Ancestry now has available to its subscribers literally millions of scanned original documents: census records from 1790 forward, including those from states, Indian enrollment lists such as the Dawes registry, military registration cards from the Civil War, each of the World Wars, the Korean conflict and Vietnam, marriage, birth and death certificates and a myriad of other sources. You can even find your more modern ancestors’ names in city directories complete with street addresses, often the trade or occupation of the primary and the spouse’s name. Never merely enter the data. Take the time to click on the original document. This is particularly informative with old Census documents. Our ancestors did not have the ease of mobility afforded us today. The field of potential mates was relatively small and usually included those whose families traveled cross country in those westward-bound wagon trains with our ancestors or living with the neighbors whose farms were enumerated immediately before and after our own folks. The US Federal Census has evolved through the centuries along with our government’s most pressing need for information. The 1790 Census came about as a result of the recognition that the government needed to know the pool of families in each state from which soldiers could be drafted following the Revolutionary War. As tensions with other countries flared or waned, the census questionnaire varied. Perhaps taxation was the most pressing need; thus, queries about values of real and personal property appeared. Then it became clear familial relationships were becoming more difficult to ascertain as the population grew and our forebears migrated in search of richer farmlands, gold, adventure or to protect their family from hostile forces. Search those census records. Be alert for familiar names. I usually scan the immediate page, then at minimum look at the preceding and following pages.
Find A Grave also affords the researcher immense data. This is the modern armchair genealogist’s answer to the work started by local genealogical societies from centuries past. My grandmother, Carrie Bullard Joslin, finished her chores, doffed her cooking apron, donned her sunbonnet, packed a picnic lunch, grabbed chalk and graphite, onionskin paper, and lightweight construction paper, and headed to the local cemetery. There she would trace the headstones for hours. She was not alone in this endeavor. Thousands of devotees provided their local historical society with these etchings, which would be turned into lists and made available through local libraries and to their memberships. Today’s tireless contributors use their iPhones and digital cameras to photograph the cemetery entrance, their GPS and maps to provide coordinates and directions for those off-the-path family cemeteries, and pics of headstones. These are then researched at home in an attempt to find and utilize obituaries, family trees, and other sources to provide as full a list of the persons who have found their final rest in that particular cemetery. Beware. Not all the information is accurate. Not even those dates etched into the stone. Be sure to document these dates by other sources as well. My hat is off to the volunteers who have enriched our lives with their work in this regard!
Google and other search engines do the work for us across the ether. In the old days, one had to drive to NARA offices, libraries, cemeteries, courthouses, and other places to search for hours in the indices for family names, scan microfiche, then handwrite, or pay for photocopies of selected pages. A full day’s work may contribute not much more than a name, a single fact, or nothing. Today, the armchair genealogist has available thousands of potential treasures. I caution again. Never, enter the data without attempting to cross-reference factual content with actual documents to ensure you are not putting someone else’s story into your tree.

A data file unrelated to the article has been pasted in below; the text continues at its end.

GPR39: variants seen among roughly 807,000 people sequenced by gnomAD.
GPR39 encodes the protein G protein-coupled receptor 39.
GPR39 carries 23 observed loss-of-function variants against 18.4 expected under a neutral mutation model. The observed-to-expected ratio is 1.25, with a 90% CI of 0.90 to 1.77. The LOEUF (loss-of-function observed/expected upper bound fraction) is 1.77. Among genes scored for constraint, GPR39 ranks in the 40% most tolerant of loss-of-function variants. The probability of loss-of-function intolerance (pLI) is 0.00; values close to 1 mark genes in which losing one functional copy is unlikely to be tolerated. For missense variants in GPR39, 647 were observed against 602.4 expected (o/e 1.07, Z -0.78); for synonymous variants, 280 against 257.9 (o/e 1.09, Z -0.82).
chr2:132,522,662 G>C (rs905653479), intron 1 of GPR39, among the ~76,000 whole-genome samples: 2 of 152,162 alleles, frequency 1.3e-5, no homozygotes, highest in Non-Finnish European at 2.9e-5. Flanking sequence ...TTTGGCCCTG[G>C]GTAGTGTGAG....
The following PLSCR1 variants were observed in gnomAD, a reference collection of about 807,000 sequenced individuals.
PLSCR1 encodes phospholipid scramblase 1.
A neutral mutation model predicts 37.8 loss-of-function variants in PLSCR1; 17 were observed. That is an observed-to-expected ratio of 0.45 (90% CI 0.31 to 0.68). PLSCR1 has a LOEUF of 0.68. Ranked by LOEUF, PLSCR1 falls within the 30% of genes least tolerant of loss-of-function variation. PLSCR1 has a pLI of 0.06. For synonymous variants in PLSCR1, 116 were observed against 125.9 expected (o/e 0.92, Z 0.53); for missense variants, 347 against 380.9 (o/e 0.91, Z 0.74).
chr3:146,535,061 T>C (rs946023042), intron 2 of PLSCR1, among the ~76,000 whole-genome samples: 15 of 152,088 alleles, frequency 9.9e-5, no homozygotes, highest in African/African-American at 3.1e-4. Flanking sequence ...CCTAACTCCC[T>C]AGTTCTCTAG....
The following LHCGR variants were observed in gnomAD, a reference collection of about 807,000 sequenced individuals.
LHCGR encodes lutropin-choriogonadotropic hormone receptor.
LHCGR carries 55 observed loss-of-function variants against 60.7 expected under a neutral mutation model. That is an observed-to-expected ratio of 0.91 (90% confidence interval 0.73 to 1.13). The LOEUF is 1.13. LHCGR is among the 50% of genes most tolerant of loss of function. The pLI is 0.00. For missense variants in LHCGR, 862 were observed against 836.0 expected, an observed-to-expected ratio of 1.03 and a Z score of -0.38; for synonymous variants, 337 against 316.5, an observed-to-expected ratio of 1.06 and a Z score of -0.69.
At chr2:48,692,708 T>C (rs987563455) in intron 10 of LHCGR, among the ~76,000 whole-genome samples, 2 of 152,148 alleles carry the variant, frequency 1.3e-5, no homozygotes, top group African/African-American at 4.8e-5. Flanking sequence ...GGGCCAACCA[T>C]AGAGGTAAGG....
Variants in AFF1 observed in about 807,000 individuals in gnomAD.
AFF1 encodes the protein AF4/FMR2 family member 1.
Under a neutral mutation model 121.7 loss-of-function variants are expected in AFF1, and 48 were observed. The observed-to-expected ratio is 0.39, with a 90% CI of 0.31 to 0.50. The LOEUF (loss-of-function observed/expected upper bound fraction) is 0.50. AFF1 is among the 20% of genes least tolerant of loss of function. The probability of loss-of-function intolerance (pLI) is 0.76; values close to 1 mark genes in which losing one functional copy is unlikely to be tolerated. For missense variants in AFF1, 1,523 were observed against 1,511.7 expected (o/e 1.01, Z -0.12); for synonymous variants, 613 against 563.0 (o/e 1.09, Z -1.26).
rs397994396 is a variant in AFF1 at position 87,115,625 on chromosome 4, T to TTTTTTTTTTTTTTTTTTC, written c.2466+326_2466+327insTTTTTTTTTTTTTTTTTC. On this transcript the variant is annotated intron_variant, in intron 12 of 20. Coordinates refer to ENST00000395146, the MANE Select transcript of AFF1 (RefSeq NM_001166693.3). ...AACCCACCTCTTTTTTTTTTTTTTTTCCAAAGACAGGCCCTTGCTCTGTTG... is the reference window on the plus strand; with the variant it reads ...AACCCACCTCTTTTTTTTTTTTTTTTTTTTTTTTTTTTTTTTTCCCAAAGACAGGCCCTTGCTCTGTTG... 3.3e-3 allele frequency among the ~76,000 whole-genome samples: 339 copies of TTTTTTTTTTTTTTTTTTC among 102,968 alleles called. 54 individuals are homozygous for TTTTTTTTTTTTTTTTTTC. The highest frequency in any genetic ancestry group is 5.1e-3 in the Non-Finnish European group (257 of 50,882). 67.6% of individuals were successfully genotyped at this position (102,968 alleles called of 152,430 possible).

Similarly, the other Internet sources (RootsWeb, Family Search, Fold3, etc.) are replete with the work of other researchers, books that may contain a reference to your ancestors, photographs others may have shared, or mention in historic documents.
Another essential element for me is my printer/scanner. I have begun a project to scan in photographs from old albums. It is a tedious but rewarding project for sure. Many times I cannot identify the faces that look out at me from these yellowed, dog-eared pics of old. Often my attempts have been foiled by the practice of gluing down the photograph in the album, effectively obscuring any notes that may have been made on the reverse. And, to my dismay, I waited too long to begin this process, having lost my mother, her sister, and their mother in years past who may have been able to provide those missing facts.
This brings me to my final (for today) hint for you armchair genealogists: Scan those photos now. Include names, dates, and places. Identify, identify, identify. Purchase a digital image editor. Such software provides immeasurable aids to make your photographs clearly legible. Higher-resolution scans produce photos that can be viewed as a much larger pic without losing details. Water stains, tears, and other damage can often be repaired. The software and a little practice using it is well worth the investment.
Finally, simply enjoy your efforts. My mixed bag of bloodline relatives and distant in-laws, 8th cousins, and so forth has filled my memories with some incredible characters. Most recently, a maternal great-grandfather of my grandmother’s eldest brother’s wife…who happened to be a Lenni-Lenape native American who became known as a Delaware (by the white settlers), a Chief of his tribe who spoke seven languages including perfect English, negotiated with the United States government, made several trips with John Charles Fremont at the behest of the government to California, fought in the Mexican War under Fremont, saved Fremont’s life and the life of his other close friend, Kit Carson, was a personal friend of President Abraham Lincoln and…of Sam Houston. Wow. James Sa-Gun-Dai (Secondine). Look him up. Stretch your imagination. Enrich your life. Become an armchair genealogist, or at the very least, an armchair historian and researcher.